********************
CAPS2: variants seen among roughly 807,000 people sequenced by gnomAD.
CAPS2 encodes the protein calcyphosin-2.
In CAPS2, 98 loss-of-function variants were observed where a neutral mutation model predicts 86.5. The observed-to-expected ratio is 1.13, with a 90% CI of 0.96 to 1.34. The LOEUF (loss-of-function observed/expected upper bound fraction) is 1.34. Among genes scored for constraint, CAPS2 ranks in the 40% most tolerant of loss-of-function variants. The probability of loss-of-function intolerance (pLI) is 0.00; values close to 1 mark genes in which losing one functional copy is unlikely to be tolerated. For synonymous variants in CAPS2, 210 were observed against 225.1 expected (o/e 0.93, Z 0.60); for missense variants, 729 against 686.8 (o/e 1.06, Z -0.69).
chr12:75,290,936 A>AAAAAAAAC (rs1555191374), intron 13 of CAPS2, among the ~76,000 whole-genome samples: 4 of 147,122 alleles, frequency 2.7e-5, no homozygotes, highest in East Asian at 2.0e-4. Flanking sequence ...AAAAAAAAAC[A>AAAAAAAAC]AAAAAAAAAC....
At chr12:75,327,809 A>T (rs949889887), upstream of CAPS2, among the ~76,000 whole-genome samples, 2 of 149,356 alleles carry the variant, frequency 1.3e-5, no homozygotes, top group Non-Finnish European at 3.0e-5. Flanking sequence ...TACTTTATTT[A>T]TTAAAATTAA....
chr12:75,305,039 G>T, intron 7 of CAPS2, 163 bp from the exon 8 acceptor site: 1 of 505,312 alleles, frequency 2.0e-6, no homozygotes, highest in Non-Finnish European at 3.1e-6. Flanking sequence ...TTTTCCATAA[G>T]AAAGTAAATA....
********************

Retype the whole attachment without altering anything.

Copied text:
CAPS2: variants seen among roughly 807,000 people sequenced by gnomAD.
CAPS2 encodes the protein calcyphosin-2.
In CAPS2, 98 loss-of-function variants were observed where a neutral mutation model predicts 86.5. The observed-to-expected ratio is 1.13, with a 90% CI of 0.96 to 1.34. The LOEUF (loss-of-function observed/expected upper bound fraction) is 1.34. Among genes scored for constraint, CAPS2 ranks in the 40% most tolerant of loss-of-function variants. The probability of loss-of-function intolerance (pLI) is 0.00; values close to 1 mark genes in which losing one functional copy is unlikely to be tolerated. For synonymous variants in CAPS2, 210 were observed against 225.1 expected (o/e 0.93, Z 0.60); for missense variants, 729 against 686.8 (o/e 1.06, Z -0.69).
chr12:75,290,936 A>AAAAAAAAC (rs1555191374), intron 13 of CAPS2, among the ~76,000 whole-genome samples: 4 of 147,122 alleles, frequency 2.7e-5, no homozygotes, highest in East Asian at 2.0e-4. Flanking sequence ...AAAAAAAAAC[A>AAAAAAAAC]AAAAAAAAAC....
At chr12:75,327,809 A>T (rs949889887), upstream of CAPS2, among the ~76,000 whole-genome samples, 2 of 149,356 alleles carry the variant, frequency 1.3e-5, no homozygotes, top group Non-Finnish European at 3.0e-5. Flanking sequence ...TACTTTATTT[A>T]TTAAAATTAA....
chr12:75,305,039 G>T, intron 7 of CAPS2, 163 bp from the exon 8 acceptor site: 1 of 505,312 alleles, frequency 2.0e-6, no homozygotes, highest in Non-Finnish European at 3.1e-6. Flanking sequence ...TTTTCCATAA[G>T]AAAGTAAATA....